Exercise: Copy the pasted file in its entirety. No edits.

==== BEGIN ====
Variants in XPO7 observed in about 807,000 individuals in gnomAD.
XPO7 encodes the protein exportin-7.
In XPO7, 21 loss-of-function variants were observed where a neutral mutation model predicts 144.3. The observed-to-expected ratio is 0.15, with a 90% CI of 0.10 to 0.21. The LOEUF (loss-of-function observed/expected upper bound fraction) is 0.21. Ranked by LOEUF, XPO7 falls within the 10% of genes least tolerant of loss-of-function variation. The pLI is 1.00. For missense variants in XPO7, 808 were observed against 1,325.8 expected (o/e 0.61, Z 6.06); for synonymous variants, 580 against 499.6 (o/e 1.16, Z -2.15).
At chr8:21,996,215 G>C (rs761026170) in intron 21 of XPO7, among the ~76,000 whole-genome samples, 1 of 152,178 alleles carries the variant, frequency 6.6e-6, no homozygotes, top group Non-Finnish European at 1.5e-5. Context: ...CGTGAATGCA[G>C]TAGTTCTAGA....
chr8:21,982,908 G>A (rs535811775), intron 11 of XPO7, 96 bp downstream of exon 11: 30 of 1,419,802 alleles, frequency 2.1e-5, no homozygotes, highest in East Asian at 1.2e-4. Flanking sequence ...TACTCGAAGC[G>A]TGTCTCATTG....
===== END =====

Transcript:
Variants in XPO7 observed in about 807,000 individuals in gnomAD.
XPO7 encodes the protein exportin-7.
In XPO7, 21 loss-of-function variants were observed where a neutral mutation model predicts 144.3. The observed-to-expected ratio is 0.15, with a 90% CI of 0.10 to 0.21. The LOEUF (loss-of-function observed/expected upper bound fraction) is 0.21. Ranked by LOEUF, XPO7 falls within the 10% of genes least tolerant of loss-of-function variation. The pLI is 1.00. For missense variants in XPO7, 808 were observed against 1,325.8 expected (o/e 0.61, Z 6.06); for synonymous variants, 580 against 499.6 (o/e 1.16, Z -2.15).
At chr8:21,996,215 G>C (rs761026170) in intron 21 of XPO7, among the ~76,000 whole-genome samples, 1 of 152,178 alleles carries the variant, frequency 6.6e-6, no homozygotes, top group Non-Finnish European at 1.5e-5. Context: ...CGTGAATGCA[G>C]TAGTTCTAGA....
chr8:21,982,908 G>A (rs535811775), intron 11 of XPO7, 96 bp downstream of exon 11: 30 of 1,419,802 alleles, frequency 2.1e-5, no homozygotes, highest in East Asian at 1.2e-4. Flanking sequence ...TACTCGAAGC[G>A]TGTCTCATTG....